This is interesting as well, Jake. Back in 2008 she released her book "Wishful Drinking," and she talked a lot about her career and the movie "Star Wars" and talked about George Lucas a lot. The first day on the set came in with that I conic white dress on, George said I don't think you can wear a bra yu7underneath there. She said why? He said, I don't think they wear yu7b8 underwear in space to.


So, she said she actually wish she could have that be in of her obituary, because she thought it was such a funny story. And she thought it was so quirky and so fun, so she wanted that to be part of her obituary, that Princess Leia didn't wear underwear under her dress because there was no underwear in space.

TAPPER: And you just did it part of obituary, Nischelle.

Thank you so much. Appreciate it.

Coming up next, President Barack Obama and Japan's Prime Minister Shinzo Abe are together at Pearl Harbor today. That will include a tour of the "USS Arizona" Memorial, sacred ground for more than 1000 that were killed when Japan launched its surprise attack in World War II. How far will this historic visit go? The healing of many wounds of 75 years ago that still exist. We'll discuss next. Stay with us.


TAPPER: In just moments, we expect to see Japanese Prime Minister Shinzo Abe at the visitor's center in Pearl Harbor, Hawaii, and later he'll join President Obama at the "USS Arizona" Memorial, which marks the final resting place for more than 900 Marines who were killed during attack 75 years ago, this month.

Here with me is Shihoko Goto, senior associate for Northeast Asia and the Asia program at the Woodrow Wilson International Center; and Sheila Smith, senior fellow fur Japan studies at the Council on Foreign Relations.

Thanks for being here. Appreciate it.

This is the most public visit to the site of the Pearl Harbor attack by a sitting Japanese prime minister ever. What's the significance of it?

[13:50:21] SHEILA SMITH, SENIOR FELLOW, JAPAN STUDIES, COUNCIL ON FOREIGN RELATIONS: It's important this year because it's following on the visit by President Obama to Hiroshima this last spring. I think there was no conditionality attached but it's appropriate for the president and prime minister to acknowledge we've gone from adversaries in a devastating war to deep close allies today.

TAPPER: What do you think about the importance of this?

SHIHOKO GOTO, SENIOR ASSOCIATE, ASIA PROGRAM, WOODROW WILSON INTERNATIONAL CENTER: It brings the relationship to a full circle. For the United States, Pearl Harbor remains the touchstone moment in World War II history. For Japan, it's Hiroshima and Nagasaki. So, the two adversaries were able to see eye to eye if not necessarily apologize about those incidents and be prepared to be able to move on and build on a new relationship.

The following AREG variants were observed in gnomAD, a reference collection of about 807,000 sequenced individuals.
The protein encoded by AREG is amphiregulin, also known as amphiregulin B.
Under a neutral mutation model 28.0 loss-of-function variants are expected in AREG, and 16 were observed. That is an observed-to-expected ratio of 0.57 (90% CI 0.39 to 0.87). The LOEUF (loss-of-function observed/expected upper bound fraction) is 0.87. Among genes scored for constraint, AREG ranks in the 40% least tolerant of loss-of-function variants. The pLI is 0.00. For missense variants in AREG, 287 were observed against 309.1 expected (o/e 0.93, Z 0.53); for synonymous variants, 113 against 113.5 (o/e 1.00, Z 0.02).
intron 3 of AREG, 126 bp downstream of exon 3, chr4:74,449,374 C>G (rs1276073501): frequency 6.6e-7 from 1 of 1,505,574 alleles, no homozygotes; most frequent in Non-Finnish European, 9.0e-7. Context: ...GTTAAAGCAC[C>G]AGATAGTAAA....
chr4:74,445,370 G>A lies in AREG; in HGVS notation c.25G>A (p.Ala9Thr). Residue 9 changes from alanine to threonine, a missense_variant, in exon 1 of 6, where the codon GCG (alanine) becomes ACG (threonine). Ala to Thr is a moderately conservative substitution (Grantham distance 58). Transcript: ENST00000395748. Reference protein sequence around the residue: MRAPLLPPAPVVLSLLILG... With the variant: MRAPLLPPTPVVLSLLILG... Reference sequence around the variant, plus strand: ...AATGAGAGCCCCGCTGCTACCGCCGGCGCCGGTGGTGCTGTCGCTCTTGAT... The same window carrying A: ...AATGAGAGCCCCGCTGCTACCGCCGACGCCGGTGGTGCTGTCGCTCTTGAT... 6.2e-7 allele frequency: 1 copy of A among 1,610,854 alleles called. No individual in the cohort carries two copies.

TAPPER: And President Obama visited Hiroshima in August. Let's play a clip of President Obama talking at the site of that memorial.


OBAMA: Since that fateful day, we have made choices that give us hope. The United States and Japan forged not only an alliance but a friendship that has won far more for our people than we could ever claim through war.


TAPPER: How was that trip received in Japan?

GOTO: Very well. Japanese public opinion received it favorably. And I this I that what the Japanese government is hoping for and certainly Prime Minister Abe is hoping for is a similar kind of response by the American media to his visit to Pearl Harbor today.

TAPPER: And do you think that will happen?

SMITH: I think it will be covered and I think attention will be given as we're given now. I don't think it will have the same depth of meaning it had for the Japanese people who had wished for a long time, I think, the American president would acknowledge what happened at his and Nagasaki. But both the prime minister and president meeting with survivors, survivors of Hiroshima, survivors of Pearl Harbor, so for members of that generation, who are passing from the scene, who fought and experienced the war, it's a very important step.

TAPPER: President Obama and Prime Minister Abe have worked very together. They've had a good working relationship. Prime Minister Abe I believe was the first foreign leader to visit President-elect Trump. But President-elect Trump is a candidate who has talked about the need in his view for Japan to pay for all of the price of U.S. bases in Japan, the possibility of Japan needing to get its own nuclear weapons. How do you see this relationship going forward?

SMITH: I think the president-elect has walked back just a little bit from some of the campaign statement he is made about Japan. He met with Prime Minister Abe. I think President Bush, he felt the alliance was valued but we're moving into an area where the U.S. and Japan will have to work closely together. China is rising. There's ambiguity about what our policy will look like so I expect Mr. Abe want to make sure he and Mr. Trump see eye to eye on how the alliance should be strengthened in the future.

TAPPER: How do you see the relationship moving forward, given the fact that President-elect Trump has given the comments about Japan needing to do more?